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The tsunami has traumatised so many fisherfolk that they don’t even go to fish anymore and have resorted to working on the steel ships.

(Photo Courtesy: Smitha TK/ The Quint)

Tamil Nadu Fisherfolk ‘Steel’ Their Boats From a Potential Tsunami

After the tsunami, the local government urged all to ditch their conventional wooden boats and opt for steel boats.

Updated
India
3 min read

(This story was first published on 26 December 2017. It has been republished from The Quint’s archives on the anniversary of the deadly tsunami that hit Chennai in 2004.)

I was driving through the landmark Nagapattinam bridge and I kept looking around as the dark clouds descending on to the ocean and the bright blue boats made a spectacular picture. Just when the bridge ended, I made the driver stop the car at the harbour where boats, the size of mini-ships, stood docked.

Since the 2004 tsunami wrecked havoc in the lives of people, their livelihoods have not been the same. Every time a group sets out in a boat to the sea, all their loved ones sit in fear, praying for their safe return.

Nagapattinam in Tamil Nadu was worst hit with a death toll of 6,400 persons and displacing tens of thousands.

Most of them lost their boats and were too scared to buy another as they realised that a wooden boat will succumb to the rough sea anyway.

That is when the local government stepped in and transformed the lives of some of the fisherfolk.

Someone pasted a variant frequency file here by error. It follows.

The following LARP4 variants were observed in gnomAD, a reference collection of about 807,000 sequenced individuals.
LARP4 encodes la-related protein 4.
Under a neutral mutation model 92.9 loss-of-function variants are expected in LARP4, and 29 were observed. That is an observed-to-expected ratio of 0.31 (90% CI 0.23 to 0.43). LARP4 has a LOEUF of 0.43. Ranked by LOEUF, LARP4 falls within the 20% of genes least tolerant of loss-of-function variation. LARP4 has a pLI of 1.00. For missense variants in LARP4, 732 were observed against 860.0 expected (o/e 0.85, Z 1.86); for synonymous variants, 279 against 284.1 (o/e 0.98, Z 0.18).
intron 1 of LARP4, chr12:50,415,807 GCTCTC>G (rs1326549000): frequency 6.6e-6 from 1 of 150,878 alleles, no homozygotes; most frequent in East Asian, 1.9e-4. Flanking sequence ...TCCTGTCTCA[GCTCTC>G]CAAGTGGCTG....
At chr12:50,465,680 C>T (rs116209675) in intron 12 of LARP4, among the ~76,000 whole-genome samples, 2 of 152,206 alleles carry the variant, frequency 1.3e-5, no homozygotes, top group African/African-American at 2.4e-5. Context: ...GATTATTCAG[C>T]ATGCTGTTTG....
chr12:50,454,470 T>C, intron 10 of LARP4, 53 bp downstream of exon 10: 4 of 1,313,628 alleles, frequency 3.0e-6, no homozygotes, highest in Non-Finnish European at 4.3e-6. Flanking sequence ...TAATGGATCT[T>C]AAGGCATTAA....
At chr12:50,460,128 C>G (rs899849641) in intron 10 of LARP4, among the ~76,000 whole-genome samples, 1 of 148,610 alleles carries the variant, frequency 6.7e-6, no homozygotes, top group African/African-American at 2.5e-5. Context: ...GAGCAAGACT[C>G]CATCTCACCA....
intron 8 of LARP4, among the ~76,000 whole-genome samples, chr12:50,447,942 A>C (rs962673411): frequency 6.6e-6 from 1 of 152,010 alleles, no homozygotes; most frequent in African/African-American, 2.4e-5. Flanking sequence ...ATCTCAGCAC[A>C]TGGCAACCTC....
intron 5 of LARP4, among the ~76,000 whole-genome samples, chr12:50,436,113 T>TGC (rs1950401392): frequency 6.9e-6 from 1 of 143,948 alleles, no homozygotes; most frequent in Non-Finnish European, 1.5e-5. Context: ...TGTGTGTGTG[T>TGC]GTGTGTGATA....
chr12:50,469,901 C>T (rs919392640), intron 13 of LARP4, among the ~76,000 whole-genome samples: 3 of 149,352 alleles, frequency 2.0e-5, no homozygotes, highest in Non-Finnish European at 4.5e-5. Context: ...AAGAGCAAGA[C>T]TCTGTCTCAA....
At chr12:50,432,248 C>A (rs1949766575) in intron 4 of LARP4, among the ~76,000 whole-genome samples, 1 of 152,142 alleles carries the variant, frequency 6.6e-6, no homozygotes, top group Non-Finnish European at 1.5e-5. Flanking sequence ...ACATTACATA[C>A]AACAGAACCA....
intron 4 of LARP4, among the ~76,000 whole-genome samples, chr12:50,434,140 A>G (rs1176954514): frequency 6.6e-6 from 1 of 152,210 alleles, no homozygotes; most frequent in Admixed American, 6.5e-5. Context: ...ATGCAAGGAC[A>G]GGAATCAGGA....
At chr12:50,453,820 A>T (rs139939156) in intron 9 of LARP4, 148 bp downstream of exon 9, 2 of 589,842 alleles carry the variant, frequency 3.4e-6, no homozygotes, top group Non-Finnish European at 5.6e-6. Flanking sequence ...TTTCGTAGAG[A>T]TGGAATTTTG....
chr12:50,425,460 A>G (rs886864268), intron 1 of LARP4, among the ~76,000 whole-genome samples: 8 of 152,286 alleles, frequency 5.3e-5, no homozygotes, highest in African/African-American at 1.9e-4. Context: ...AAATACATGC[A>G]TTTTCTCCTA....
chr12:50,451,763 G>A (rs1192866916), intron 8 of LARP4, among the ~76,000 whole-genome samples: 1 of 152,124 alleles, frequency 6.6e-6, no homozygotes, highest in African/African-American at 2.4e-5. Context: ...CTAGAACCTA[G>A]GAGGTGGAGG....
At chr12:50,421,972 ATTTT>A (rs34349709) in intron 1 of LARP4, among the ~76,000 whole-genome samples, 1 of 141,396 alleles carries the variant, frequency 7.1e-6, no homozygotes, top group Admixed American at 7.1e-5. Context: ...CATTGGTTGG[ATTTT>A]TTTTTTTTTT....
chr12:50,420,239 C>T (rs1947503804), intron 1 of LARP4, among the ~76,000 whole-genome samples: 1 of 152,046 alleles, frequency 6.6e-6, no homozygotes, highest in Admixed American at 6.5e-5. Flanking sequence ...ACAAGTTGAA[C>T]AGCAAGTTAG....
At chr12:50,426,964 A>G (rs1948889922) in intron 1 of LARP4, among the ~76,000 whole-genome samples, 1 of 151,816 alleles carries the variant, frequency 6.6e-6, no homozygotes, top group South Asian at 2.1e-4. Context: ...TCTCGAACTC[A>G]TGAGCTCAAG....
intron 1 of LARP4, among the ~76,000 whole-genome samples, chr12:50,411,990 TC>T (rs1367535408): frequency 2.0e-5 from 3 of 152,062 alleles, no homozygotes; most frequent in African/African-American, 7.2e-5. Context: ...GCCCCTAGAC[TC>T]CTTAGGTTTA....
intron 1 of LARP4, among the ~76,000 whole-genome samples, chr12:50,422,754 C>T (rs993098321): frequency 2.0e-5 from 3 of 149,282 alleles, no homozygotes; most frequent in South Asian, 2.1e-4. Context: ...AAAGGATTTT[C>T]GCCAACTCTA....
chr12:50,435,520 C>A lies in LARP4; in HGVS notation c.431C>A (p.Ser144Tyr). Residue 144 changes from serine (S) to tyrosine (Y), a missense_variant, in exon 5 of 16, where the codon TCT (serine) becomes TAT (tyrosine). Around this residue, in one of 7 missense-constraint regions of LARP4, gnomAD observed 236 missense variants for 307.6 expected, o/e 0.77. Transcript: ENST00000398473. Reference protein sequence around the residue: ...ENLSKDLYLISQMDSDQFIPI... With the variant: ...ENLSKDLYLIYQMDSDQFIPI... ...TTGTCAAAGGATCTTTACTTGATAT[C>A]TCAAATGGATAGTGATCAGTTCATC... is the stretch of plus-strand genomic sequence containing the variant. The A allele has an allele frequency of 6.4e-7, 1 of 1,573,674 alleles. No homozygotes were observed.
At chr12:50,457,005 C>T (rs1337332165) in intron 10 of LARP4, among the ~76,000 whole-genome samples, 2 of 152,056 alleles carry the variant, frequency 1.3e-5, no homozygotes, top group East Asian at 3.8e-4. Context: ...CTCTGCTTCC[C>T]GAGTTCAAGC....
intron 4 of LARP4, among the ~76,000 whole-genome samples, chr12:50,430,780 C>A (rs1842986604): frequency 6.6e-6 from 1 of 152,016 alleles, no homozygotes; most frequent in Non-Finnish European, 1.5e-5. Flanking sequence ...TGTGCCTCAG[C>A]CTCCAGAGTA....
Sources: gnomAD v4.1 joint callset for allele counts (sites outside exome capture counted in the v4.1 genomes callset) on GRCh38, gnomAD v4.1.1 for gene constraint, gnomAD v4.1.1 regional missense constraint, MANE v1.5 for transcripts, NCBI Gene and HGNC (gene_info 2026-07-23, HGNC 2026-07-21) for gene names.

Steeling Through the Waves

Today, most of the wooden boats have been replaced by steel boats. These boats cost anywhere between Rs 25 lakh to Rs 1 crore. Fishermen usually divide the amount between 15 others so that it is affordable.

With the help of the government subsidy of Rs 5 lakh and banks giving loans for about Rs 15 lakh, buying or building a boat has become a reality for many.
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The idea was replicated from Kerala, and the then collector J Radhakrishnan set up manufacturing units at Keechankuppam, Akkaraipettai and Nagore in Nagapattinam.

Steel Vs Wood

However, due to the high initial investment, many fisherfolk still take the risk and venture out to the sea in their wooden boats.

But experts say the steel boats are a better and safer bet.

The maintenance costs about Rs 20,000 a year against Rs 1-1.5 lakh needed for the conventional boats. The fuel consumption is much higher for wooden boats.

More Jobs!

'I love taking my conventional boat but after the tsunami, my boat was broken, and all my friends who I usually go to the sea with, passed away. So I am too scared to use that boat anymore,' said Raju, who works on the welding of the boat and is also a joint owner of it.

The concept has opened a whole new job market.

Karthikeyan, who was a carpenter working on wooden boats before the tsunami, today does welding work and heads a team of labourers who work on the boat.

This is a very good initiative, but our lives are all dependant on fisherfolk. Even today, 13 years later, we have still not recovered. Yes, we are getting enough money for food and clothes, but there has been no growth. Steel boats or wooden boats – I don’t see any difference in our lives. We are still struggling.
Karthikeyan

Though the memories can never fade away and will always linger on, these steel boats provide a sense of confidence and reassurance to the fishermen that even if a disaster strikes, their livelihoods will be safeguarded.

(At The Quint, we are answerable only to our audience. Play an active role in shaping our journalism by becoming a member. Because the truth is worth it.)

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